They found that there indeed appears to be a consistent pattern in which Earth’s temperature fluctuations moderate over hundreds of thousands of years. The duration of this effect is comparable to the time scales over which silicate weathering is expected to act.

The results are the first to use actual data to confirm the existence of stabilizing reactions, the mechanism of which is likely to be silicate weathering. This feedback would explain how the Earth remained habitable through dramatic climatic events in the geological past.

“On the one hand, it’s a good thing because we know that global warming today will eventually be canceled out by these stabilization reactions,” says Konstantin Arnschedt, a graduate student in MIT’s Department of Earth, Atmospheric, and Planetary Sciences (EAPS). “But on the other hand, it would take hundreds of thousands of years for that to happen, so it’s not fast enough to solve our current problems.”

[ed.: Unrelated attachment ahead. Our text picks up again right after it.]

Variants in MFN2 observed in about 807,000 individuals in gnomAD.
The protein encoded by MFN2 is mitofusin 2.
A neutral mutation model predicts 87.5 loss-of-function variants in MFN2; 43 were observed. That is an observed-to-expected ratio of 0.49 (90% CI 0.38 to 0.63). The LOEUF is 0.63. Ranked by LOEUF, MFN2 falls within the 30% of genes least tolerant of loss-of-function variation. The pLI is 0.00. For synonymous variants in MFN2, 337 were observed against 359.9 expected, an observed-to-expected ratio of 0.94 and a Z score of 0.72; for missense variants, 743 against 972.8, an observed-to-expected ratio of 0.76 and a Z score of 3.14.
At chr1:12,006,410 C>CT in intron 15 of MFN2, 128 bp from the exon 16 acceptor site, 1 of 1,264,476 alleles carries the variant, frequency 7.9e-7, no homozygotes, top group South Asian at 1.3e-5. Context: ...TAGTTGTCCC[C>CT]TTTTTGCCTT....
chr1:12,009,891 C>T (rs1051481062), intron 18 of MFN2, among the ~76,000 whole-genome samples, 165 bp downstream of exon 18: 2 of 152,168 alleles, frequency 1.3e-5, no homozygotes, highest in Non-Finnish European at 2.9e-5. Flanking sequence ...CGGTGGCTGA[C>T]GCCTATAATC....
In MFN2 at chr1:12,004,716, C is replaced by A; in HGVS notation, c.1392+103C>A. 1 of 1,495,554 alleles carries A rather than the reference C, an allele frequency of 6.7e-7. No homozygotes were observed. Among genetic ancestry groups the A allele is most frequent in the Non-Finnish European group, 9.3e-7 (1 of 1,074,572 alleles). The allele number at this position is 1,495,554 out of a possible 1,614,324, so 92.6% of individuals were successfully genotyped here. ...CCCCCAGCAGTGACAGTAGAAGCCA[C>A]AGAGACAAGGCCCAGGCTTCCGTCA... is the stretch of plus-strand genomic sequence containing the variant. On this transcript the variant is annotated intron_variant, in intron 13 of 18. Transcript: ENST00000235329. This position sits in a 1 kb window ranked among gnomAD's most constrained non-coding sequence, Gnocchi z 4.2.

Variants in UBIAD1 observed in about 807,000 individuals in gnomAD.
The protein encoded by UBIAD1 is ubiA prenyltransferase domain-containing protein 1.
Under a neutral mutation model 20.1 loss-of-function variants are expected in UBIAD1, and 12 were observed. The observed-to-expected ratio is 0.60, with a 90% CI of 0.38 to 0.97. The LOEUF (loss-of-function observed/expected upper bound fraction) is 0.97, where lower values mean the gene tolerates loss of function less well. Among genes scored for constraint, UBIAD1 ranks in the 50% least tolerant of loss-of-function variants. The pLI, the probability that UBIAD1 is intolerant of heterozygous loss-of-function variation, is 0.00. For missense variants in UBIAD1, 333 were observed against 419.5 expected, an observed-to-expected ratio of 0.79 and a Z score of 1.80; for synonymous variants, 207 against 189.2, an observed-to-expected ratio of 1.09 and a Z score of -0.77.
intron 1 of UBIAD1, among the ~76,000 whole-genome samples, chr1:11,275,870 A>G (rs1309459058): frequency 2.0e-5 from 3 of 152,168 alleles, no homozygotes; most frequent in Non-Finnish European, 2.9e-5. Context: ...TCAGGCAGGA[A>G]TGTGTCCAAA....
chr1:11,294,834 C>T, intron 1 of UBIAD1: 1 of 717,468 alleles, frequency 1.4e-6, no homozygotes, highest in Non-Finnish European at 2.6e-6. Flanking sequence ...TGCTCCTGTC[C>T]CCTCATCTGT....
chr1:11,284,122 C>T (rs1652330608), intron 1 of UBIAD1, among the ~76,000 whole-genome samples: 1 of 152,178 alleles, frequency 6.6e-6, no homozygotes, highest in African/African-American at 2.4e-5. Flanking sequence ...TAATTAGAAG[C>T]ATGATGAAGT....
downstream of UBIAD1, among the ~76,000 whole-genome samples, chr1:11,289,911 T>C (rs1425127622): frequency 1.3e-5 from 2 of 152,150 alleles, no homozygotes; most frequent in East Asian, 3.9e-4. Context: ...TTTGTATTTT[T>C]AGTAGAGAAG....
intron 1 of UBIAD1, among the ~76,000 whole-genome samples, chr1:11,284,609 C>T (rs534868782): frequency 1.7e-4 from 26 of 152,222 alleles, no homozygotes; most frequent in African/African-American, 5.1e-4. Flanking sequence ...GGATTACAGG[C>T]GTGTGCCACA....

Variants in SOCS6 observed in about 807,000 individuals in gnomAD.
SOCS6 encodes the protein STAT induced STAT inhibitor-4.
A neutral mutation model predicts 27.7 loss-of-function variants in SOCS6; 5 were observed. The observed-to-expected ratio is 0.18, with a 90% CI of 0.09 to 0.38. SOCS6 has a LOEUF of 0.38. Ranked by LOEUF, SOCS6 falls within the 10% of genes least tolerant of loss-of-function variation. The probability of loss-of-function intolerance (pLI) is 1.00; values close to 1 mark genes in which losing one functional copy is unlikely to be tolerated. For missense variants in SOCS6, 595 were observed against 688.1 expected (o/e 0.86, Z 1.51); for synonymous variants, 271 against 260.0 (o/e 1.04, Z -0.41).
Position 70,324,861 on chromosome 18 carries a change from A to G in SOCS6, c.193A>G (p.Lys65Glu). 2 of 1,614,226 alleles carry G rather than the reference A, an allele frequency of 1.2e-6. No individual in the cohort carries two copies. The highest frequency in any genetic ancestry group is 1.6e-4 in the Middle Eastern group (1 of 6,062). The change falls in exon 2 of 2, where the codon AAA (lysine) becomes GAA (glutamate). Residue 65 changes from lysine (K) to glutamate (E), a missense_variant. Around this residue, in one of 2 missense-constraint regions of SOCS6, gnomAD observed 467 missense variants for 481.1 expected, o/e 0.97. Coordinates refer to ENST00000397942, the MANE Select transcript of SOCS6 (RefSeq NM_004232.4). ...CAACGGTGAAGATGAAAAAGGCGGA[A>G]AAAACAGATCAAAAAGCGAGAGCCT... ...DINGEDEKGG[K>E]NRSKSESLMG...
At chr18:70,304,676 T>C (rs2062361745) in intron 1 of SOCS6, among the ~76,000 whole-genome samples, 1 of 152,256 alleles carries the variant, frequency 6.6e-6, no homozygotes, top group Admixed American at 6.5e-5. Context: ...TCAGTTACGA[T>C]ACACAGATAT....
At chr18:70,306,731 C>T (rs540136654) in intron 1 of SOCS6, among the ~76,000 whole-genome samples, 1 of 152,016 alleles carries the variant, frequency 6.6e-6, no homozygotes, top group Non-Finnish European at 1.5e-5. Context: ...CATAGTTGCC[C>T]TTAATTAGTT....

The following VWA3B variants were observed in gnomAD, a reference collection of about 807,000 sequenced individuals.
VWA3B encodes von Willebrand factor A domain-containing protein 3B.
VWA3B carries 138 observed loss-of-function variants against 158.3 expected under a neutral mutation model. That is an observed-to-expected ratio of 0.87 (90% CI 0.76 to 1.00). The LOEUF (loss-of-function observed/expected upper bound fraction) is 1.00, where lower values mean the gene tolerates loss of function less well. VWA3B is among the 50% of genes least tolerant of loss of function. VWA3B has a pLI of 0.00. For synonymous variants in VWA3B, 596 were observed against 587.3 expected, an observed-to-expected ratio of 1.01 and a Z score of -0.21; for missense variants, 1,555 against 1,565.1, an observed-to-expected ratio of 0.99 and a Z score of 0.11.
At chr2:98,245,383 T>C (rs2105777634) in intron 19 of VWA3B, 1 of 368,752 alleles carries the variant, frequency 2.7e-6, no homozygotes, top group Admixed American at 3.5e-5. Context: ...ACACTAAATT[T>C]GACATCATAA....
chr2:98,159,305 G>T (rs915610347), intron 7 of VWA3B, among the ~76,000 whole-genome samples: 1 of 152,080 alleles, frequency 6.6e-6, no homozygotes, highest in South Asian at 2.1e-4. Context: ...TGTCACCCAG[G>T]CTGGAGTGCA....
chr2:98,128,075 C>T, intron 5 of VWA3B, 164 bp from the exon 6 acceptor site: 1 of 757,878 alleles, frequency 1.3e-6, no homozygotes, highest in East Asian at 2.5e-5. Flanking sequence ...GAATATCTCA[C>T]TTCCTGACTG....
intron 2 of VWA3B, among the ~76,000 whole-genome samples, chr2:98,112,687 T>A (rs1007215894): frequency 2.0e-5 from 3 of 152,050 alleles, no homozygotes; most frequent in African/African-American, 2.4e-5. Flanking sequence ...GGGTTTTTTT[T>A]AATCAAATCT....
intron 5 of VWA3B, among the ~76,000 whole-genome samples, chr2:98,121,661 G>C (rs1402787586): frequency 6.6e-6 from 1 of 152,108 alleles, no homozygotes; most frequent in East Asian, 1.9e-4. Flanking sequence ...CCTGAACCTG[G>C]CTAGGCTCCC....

The study was co-authored by Arnscheidt and Daniel Rothman, a professor of geophysics at MIT.

data stability

Scientists have previously seen hints of a climate-stabilizing influence in Earth’s carbon cycle: chemical analyzes of ancient rocks have shown that the flow of carbon into and out of Earth’s surface environment has remained relatively balanced, even through huge fluctuations in global temperature. Moreover, models of silicate weathering predict that the process should have some effect on global climate stability. Finally, the fact that Earth is habitable points to some geological test that is inherent in extreme temperature fluctuations.